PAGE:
Origin and History of the Name of Alexander: With Biographies of All the Most Noted Persons of that Name...together with Over Five Hundred Christian Names of Men and Women and Their Significance...
American Pub. Assoc., 1904 - Names, Personal - 112 pages
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academy adopted America ancestors arms army attained success Baptist became Beecher Falls Boise City born Dec born Feb born Oct century Charles chicf christian name civil clan clergyman cognomen colonies common schools Company descendants dicd diminutive educated Edward England English family names father Feminine filled numerous filled several positions forenames France Gift graduated Henry Henry county heraldry hereditary names James John King land Latin lawyer Lord Louisville male Mecklenburg County Medal of Honor Medical College merchant N. C. ALEXANDER name of Alexander nations native noble Norman Norman Conquest North Carolina Ohio origin pastor PATRONYMIC persons positions of trust Presbyterian president Princeton Princeton college prominent proper names public affairs public official public schools received Scotland served shicld societies soldicr surgeon surnames Tenn Texas Thurston trust and honor University University of Louisville university of Nashville various Virginia William York
Page 21 - As builders and merchants they have built cities and illumined the marts of trade ; in the field of science and medicine they have obtained great prominence ; in the arena of statesmanship they have produced men of thought and men of action; while at the bar and in the administration of justice they have shown erudition and wisdom. As clergymen, educators and lecturers they have occupied high places...
Page 91 - Behind these, again, tollowed a fairly familiar number of names of either sex, some from the Teuton, some from the Hebrew, some from the Greek and Latin Church, but, when all told, not a large category. This is not enough, for in common parlance it was not likely the full name would be used. Besides, there might be two, or even three Johns in the same family. So late as March, 1545, the will of John Parnell de Gyrton runs: "Alice, my wife, and Old John, my son, to occupy my farm together, till Old...
Page 83 - Gawdie, late Chief Justice of the Court of Common Pleas, whose name of baptism was Thomas, and his name of confirmation Francis, and that name of Francis, by the advice of all the Judges, in anno 36, Henry VIII, he did bear, and after used in all his purchases and grants.
Page 90 - Sharpe appeared and confessed that she had "of her own motion and consent, voluntarily changed, at confirmation, the name of her infant son to Edward, who when baptized was named Henry, for which she submitted to penance. " The penance enjoined -was to make a pilgrimage to the famous Rood of Grace, at the neighboring abbey of Boxley, and to carry in procession on five Lord's days, a lighted taper which she was to offer to the image of the Blessed Virgin. THE PAUCITY OF NAMES. There were no Scripture...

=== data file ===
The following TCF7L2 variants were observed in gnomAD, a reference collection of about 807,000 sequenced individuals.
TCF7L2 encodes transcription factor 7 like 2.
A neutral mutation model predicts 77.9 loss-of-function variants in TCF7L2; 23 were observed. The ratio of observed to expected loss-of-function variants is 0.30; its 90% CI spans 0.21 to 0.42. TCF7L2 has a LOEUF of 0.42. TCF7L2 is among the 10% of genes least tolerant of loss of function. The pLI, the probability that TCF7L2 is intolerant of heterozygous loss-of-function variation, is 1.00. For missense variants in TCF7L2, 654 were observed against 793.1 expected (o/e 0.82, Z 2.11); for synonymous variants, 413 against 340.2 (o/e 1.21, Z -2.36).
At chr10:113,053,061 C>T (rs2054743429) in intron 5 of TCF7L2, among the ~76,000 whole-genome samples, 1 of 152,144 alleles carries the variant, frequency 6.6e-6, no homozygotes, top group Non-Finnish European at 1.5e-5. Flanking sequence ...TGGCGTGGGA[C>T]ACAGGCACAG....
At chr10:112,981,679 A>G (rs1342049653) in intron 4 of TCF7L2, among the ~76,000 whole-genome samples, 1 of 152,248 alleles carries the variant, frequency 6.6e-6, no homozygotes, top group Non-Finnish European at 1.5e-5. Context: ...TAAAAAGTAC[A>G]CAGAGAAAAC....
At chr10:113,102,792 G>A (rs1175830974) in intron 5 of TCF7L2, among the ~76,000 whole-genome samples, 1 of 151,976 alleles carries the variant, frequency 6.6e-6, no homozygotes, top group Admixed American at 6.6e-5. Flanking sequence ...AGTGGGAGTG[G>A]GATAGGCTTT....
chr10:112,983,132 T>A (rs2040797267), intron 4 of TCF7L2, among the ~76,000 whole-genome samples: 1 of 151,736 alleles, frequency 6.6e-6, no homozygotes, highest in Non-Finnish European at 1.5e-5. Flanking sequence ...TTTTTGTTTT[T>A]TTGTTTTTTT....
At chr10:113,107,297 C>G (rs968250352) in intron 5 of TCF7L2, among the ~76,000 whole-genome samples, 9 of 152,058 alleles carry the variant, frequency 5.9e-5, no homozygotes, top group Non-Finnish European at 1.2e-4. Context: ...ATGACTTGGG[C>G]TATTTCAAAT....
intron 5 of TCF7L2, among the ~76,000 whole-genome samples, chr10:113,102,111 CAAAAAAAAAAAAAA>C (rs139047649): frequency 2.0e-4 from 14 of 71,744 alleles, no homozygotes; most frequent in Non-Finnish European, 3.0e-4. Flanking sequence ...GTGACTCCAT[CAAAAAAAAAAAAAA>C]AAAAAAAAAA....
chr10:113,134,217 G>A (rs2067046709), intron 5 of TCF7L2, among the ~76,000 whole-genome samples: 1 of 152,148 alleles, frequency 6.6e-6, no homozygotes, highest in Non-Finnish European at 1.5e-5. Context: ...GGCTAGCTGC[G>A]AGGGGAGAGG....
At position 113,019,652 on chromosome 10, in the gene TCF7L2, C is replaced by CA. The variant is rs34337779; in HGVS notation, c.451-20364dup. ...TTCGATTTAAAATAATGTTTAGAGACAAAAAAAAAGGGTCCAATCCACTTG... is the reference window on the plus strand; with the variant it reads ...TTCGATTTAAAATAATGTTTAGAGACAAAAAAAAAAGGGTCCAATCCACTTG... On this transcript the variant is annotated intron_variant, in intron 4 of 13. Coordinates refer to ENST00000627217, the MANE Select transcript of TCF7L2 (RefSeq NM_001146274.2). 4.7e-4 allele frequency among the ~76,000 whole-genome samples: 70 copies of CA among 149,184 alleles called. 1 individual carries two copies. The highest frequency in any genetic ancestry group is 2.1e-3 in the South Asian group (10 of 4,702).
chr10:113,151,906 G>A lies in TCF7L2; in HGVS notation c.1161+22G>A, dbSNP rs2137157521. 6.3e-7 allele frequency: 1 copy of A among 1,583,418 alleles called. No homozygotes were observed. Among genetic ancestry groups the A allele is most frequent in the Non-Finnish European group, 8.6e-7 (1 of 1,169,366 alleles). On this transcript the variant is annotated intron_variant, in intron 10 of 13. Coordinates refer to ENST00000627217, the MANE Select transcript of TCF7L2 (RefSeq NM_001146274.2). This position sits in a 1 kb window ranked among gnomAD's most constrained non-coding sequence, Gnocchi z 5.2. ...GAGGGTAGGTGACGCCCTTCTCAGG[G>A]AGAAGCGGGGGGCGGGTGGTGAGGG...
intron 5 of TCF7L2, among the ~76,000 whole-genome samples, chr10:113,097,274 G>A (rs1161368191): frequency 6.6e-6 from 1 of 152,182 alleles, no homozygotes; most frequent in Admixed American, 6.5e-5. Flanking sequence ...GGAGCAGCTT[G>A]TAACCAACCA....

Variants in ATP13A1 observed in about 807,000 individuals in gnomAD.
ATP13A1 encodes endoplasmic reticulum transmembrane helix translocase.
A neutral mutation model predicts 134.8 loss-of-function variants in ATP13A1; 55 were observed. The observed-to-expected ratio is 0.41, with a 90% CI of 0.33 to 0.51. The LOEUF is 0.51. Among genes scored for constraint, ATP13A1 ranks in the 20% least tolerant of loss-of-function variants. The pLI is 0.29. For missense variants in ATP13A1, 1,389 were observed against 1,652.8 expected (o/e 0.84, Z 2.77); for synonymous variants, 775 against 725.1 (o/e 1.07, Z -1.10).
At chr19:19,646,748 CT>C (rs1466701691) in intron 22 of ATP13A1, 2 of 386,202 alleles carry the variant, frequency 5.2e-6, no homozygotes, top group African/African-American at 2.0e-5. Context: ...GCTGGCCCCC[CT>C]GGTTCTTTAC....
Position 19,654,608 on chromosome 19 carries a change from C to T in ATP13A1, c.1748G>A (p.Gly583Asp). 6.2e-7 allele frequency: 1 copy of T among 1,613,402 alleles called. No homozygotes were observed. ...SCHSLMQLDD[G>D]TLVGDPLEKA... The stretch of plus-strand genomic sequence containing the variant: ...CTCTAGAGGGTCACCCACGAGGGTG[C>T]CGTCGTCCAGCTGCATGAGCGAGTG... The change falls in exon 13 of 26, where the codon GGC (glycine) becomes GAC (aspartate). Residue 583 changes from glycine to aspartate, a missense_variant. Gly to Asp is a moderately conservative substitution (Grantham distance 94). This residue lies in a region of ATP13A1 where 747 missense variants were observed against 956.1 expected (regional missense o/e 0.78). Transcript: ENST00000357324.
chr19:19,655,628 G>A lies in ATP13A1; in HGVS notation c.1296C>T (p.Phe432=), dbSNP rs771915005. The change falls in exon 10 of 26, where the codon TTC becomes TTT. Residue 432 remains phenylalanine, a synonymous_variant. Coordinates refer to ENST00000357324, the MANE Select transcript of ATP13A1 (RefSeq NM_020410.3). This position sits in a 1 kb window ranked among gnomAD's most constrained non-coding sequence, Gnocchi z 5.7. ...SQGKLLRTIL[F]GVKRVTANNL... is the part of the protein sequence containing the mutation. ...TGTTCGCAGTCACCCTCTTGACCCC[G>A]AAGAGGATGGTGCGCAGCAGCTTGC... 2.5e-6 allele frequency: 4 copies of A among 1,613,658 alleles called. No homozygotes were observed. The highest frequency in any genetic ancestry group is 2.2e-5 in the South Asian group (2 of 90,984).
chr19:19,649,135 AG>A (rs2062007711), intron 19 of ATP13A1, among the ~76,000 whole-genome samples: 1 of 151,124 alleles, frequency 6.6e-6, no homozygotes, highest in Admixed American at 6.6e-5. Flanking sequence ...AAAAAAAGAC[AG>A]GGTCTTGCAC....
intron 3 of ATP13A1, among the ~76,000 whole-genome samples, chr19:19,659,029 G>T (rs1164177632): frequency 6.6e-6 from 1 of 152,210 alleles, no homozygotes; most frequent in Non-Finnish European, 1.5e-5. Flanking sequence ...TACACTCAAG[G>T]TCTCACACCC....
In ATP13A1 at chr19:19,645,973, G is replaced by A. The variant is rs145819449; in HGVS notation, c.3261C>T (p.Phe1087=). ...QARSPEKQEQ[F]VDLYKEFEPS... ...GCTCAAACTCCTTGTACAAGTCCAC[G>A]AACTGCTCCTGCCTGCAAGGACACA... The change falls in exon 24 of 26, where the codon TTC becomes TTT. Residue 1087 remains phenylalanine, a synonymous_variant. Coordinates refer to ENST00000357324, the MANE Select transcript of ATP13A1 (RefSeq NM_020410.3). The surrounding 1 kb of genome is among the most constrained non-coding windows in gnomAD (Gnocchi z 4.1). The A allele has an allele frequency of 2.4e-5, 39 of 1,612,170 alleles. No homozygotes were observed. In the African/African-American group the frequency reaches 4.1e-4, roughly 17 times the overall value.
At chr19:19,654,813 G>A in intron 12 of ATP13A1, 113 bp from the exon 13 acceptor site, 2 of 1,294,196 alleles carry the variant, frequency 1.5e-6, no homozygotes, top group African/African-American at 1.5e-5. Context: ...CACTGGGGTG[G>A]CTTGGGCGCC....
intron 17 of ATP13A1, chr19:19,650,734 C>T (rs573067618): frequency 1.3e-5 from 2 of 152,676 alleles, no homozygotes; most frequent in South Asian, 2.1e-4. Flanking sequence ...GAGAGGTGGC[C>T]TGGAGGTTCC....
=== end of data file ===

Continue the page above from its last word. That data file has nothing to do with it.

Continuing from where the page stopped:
Page 78 - A perpetual interest attaches to this first elective body that ever assembled in the western world, representing the people of Virginia, and making laws for their government, more than a year before the Mayflower, with the pilgrims, left the harbor of Southampton, and while Virginia was still the only British colony on the continent of America.
Page 51 - In the first ages of the world a single name was sufficient for each individual ; and that name was generally invented for the person, in allusion to the circumstances attending his birth, or to some personal quality he possessed, or which his parents fondly hoped he might in future possess.
Page 91 - ... four hundred years since. The Norman list was really a small one, and yet it took possession of the whole of Great Britain. A consequence of this was the Pet-name Epoch . In every community of one hundred Englishmen about the year 1300, there would be an average of twenty Johns and fifteen Williams; then would follow Thomas, Bartholomew, Nicholas, Philip, Simon, Peter and Isaac from the Scriptures; and Richard, Robert, Walter, Guy, Henry, Roger and Baldwin from the Teutonic list.
Page 58 - England," again to quote the judicious Camden, "certain it is, that as the better sort, even from the Conquest, by little and little took surnames, so they were not settled among the common people fully until about the time of Edward the Second.
Page 58 - But whether in imitation of the Norman lords, or from the great convenience of the distinction, the use of fixed surnames arose in France about the year 1000; came into England sixty years later, or with the Norman Conquest; and reached Scotland, speaking roundly, about the year 1100.